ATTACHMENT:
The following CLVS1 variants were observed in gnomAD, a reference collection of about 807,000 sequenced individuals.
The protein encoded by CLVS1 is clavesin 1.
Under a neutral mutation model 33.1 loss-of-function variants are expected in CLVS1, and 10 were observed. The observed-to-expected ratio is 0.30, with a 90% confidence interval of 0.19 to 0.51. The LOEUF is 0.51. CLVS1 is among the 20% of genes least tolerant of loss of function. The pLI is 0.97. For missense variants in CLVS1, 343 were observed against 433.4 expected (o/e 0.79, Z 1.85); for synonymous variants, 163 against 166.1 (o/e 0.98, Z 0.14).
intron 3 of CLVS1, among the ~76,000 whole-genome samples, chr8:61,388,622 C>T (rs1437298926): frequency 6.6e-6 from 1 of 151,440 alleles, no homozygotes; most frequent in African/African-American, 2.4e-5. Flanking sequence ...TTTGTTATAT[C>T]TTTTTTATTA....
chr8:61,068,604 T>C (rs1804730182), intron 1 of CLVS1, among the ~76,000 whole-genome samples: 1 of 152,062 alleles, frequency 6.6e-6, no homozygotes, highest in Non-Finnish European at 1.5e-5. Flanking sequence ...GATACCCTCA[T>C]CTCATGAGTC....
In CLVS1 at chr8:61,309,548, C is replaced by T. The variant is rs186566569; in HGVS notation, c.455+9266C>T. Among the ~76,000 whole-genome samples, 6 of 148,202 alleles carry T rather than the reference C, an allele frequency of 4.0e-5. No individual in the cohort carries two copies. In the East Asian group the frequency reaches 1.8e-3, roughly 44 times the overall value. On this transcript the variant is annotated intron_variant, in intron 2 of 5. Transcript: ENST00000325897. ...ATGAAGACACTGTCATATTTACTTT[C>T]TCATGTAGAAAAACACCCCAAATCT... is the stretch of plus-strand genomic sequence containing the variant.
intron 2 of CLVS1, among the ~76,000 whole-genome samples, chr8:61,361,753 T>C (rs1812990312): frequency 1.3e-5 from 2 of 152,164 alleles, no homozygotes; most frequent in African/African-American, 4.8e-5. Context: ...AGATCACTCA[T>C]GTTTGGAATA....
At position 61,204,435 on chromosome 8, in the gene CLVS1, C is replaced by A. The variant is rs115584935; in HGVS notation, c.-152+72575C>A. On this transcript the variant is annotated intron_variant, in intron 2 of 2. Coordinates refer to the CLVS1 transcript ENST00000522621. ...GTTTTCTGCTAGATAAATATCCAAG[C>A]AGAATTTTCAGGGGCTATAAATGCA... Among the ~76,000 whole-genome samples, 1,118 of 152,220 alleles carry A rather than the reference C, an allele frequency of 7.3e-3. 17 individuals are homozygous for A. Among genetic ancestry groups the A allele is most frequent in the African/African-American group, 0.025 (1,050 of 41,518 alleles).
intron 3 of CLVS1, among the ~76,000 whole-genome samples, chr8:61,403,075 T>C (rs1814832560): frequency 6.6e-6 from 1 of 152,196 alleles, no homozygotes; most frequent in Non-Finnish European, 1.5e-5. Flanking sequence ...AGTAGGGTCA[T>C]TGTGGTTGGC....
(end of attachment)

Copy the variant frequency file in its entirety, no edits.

The following CLVS1 variants were observed in gnomAD, a reference collection of about 807,000 sequenced individuals.
The protein encoded by CLVS1 is clavesin 1.
Under a neutral mutation model 33.1 loss-of-function variants are expected in CLVS1, and 10 were observed. The observed-to-expected ratio is 0.30, with a 90% confidence interval of 0.19 to 0.51. The LOEUF is 0.51. CLVS1 is among the 20% of genes least tolerant of loss of function. The pLI is 0.97. For missense variants in CLVS1, 343 were observed against 433.4 expected (o/e 0.79, Z 1.85); for synonymous variants, 163 against 166.1 (o/e 0.98, Z 0.14).
intron 3 of CLVS1, among the ~76,000 whole-genome samples, chr8:61,388,622 C>T (rs1437298926): frequency 6.6e-6 from 1 of 151,440 alleles, no homozygotes; most frequent in African/African-American, 2.4e-5. Flanking sequence ...TTTGTTATAT[C>T]TTTTTTATTA....
chr8:61,068,604 T>C (rs1804730182), intron 1 of CLVS1, among the ~76,000 whole-genome samples: 1 of 152,062 alleles, frequency 6.6e-6, no homozygotes, highest in Non-Finnish European at 1.5e-5. Flanking sequence ...GATACCCTCA[T>C]CTCATGAGTC....
In CLVS1 at chr8:61,309,548, C is replaced by T. The variant is rs186566569; in HGVS notation, c.455+9266C>T. Among the ~76,000 whole-genome samples, 6 of 148,202 alleles carry T rather than the reference C, an allele frequency of 4.0e-5. No individual in the cohort carries two copies. In the East Asian group the frequency reaches 1.8e-3, roughly 44 times the overall value. On this transcript the variant is annotated intron_variant, in intron 2 of 5. Transcript: ENST00000325897. ...ATGAAGACACTGTCATATTTACTTT[C>T]TCATGTAGAAAAACACCCCAAATCT... is the stretch of plus-strand genomic sequence containing the variant.
intron 2 of CLVS1, among the ~76,000 whole-genome samples, chr8:61,361,753 T>C (rs1812990312): frequency 1.3e-5 from 2 of 152,164 alleles, no homozygotes; most frequent in African/African-American, 4.8e-5. Context: ...AGATCACTCA[T>C]GTTTGGAATA....
At position 61,204,435 on chromosome 8, in the gene CLVS1, C is replaced by A. The variant is rs115584935; in HGVS notation, c.-152+72575C>A. On this transcript the variant is annotated intron_variant, in intron 2 of 2. Coordinates refer to the CLVS1 transcript ENST00000522621. ...GTTTTCTGCTAGATAAATATCCAAG[C>A]AGAATTTTCAGGGGCTATAAATGCA... Among the ~76,000 whole-genome samples, 1,118 of 152,220 alleles carry A rather than the reference C, an allele frequency of 7.3e-3. 17 individuals are homozygous for A. Among genetic ancestry groups the A allele is most frequent in the African/African-American group, 0.025 (1,050 of 41,518 alleles).
intron 3 of CLVS1, among the ~76,000 whole-genome samples, chr8:61,403,075 T>C (rs1814832560): frequency 6.6e-6 from 1 of 152,196 alleles, no homozygotes; most frequent in Non-Finnish European, 1.5e-5. Flanking sequence ...AGTAGGGTCA[T>C]TGTGGTTGGC....